Who needs a system of sigla?

Does anyone actually find alphabetic sigla for manuscripts helpful, in a book? I’ve been sitting here trying to sort out Wormald’s system of sigla (for which the directory, for some reason, is on page 167, rather than sensibly at the beginning or end of the book), and listing manuscripts mentioned in other books which I may also have to add, and it occurs to me that the whole enterprise is more confusing than helpful.

There’s no central directory- so my manuscript, Cotton Nero A.i, is variously ‘G’, ‘I’ and ‘Y’, just in the books I have around me on the floor at the moment. A sensible option might be to refer to everything by it’s Ker catalogue number, but then what do you do with new books, or relevant books not in Anglo-Saxon? Individual sets of siglum, relevant to the topic at hand, are the only really tenable option. For it all to make sense, though, you have to presume that the reader is reading your whole book- and that’s an unrealistically optimistic outlook. Fact is, people pick up books and flick through them looking for the bits they need: unless your work is really relevant to them they’re not going to read the whole thing, and searching around for lists of siglum is a downright nuisance.

Me, even when I am reading a whole book, I get the alphabetical sigla horribly mixed up. Are we talking about MS G part i, or MS GI? Which one was MS O again? Personally, I’d be quite happy if books were routinely identified by a short form of their MS title. It’s hard to get confused about what ‘CCCC 201’ means, and personally I’d find it easier to remember the difference between ‘CCCC 201′ and CCCC 265’ than MS C and D. Perhaps it’s that the longer string of numbers turns on my pattern-retention reflex, which is actually pretty good.1

Does anyone else feel this way?

Of course, the CCCCs are a fairly simple example. If only we could call them 4C201… My manuscript, BL Cotton Nero A.i(B) is rather more problematic, though. I can’t call it Nero- there’s another legal text, Cotton Nero E.i, which I may have to refer to. I can’t call it Nero A.i, because I have to refer to the first part of the composite, Cotton Nero A.i(A). So that leaves me with Nero A.i(B), which is rather lengthy and perhaps contains too many different types of information to read smoothly (as opposed to the CCCCs, which contain only two pieces of information even though the shorthand is hardly short).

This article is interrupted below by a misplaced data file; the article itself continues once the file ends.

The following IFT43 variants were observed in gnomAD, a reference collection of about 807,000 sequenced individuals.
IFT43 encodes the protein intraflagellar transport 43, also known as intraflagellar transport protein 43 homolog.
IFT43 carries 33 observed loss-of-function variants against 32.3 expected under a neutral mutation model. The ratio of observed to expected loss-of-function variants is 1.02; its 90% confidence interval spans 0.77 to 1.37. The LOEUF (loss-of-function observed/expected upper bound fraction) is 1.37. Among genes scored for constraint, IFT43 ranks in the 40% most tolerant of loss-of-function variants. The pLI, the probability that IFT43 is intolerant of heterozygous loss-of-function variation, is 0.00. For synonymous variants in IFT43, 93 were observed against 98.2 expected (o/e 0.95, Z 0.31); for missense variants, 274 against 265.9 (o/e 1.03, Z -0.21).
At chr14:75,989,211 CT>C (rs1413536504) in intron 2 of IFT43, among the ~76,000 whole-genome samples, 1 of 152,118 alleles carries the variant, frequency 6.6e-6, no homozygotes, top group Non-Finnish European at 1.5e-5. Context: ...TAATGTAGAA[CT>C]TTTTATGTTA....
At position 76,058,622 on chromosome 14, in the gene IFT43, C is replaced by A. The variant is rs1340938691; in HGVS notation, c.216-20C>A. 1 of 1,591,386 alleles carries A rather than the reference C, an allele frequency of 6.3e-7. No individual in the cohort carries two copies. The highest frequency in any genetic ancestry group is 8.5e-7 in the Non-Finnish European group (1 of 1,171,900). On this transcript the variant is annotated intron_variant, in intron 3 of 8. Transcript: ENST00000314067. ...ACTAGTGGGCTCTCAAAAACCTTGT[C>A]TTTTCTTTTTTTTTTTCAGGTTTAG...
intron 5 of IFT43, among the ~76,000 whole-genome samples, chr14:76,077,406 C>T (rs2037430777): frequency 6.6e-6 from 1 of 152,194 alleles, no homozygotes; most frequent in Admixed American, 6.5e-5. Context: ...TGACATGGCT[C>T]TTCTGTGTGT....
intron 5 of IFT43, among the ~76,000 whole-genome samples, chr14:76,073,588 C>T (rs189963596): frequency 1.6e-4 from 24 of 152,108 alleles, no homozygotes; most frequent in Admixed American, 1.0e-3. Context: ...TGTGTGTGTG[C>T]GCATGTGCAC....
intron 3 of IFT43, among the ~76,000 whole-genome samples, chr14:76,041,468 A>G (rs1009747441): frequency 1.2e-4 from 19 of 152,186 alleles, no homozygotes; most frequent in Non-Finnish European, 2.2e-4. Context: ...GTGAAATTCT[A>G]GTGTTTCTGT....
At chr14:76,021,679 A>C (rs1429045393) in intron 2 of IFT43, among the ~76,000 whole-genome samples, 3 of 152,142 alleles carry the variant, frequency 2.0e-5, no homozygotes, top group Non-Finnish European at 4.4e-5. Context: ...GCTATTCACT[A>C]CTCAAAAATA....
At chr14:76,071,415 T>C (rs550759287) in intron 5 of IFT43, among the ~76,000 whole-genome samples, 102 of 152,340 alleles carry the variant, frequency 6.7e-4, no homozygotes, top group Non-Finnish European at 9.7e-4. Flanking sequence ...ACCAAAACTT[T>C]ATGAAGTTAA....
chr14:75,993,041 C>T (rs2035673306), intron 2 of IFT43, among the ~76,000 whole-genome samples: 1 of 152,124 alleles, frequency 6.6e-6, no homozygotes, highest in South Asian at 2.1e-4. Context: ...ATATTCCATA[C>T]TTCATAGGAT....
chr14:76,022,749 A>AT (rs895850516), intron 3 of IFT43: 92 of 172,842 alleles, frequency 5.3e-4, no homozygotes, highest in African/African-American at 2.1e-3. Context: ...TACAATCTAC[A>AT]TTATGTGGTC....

writingI could call it Nero B, as opposed to Nero A, and specify that any other Nero manuscripts will be reffered to by their full shelf/number/part designations. Or I could use a siglum- in which case, I’d have to use sigla for the whole lot. Or I could teach MS Word to autocomplete Nero A.i(B) and save me the bother of typing it out every time…

What do you think, people?
Which would be the least odious form to read?

~

1. Which is why I never forget a randomly generated pin number. Don’t ask me why I can’t remember my own mobile phone number, though.

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Suggestions, anyone?

At college formal dinner tonight, I discovered that one of my new postgrad friends has recently been awarded the Queensland Fulbright Scholarship to study in the States next semester. She suggested that, in my process of Applying-For-Everything-Under-The-Sun over the next nine months or so, I ought to have a stab at a Fulbright, and a) offered to help me with applications and b) told me that the College’s Honorary Librarian, whom I conveniently know through working for the college library, is on NSW Fulbright committee or panel or whoever they are.

Since I do honestly intend to apply for everything under the sun, and I hadn’t thought about US study before, I’m asking for suggestions. If I wanted to do a one-year Masters program in either Anglo-Saxon studies or interdisciplinary Medieval Studies, where should I apply?
Furthermore- are international students able to take student loans in the States? (Obviously I’d try to secure further funding to cover fees, but it’s worth finding these things out…)

And does anyone know of a way to sell Medieval Studies as relevant and useful and liable to enrich relations between the US and Australia?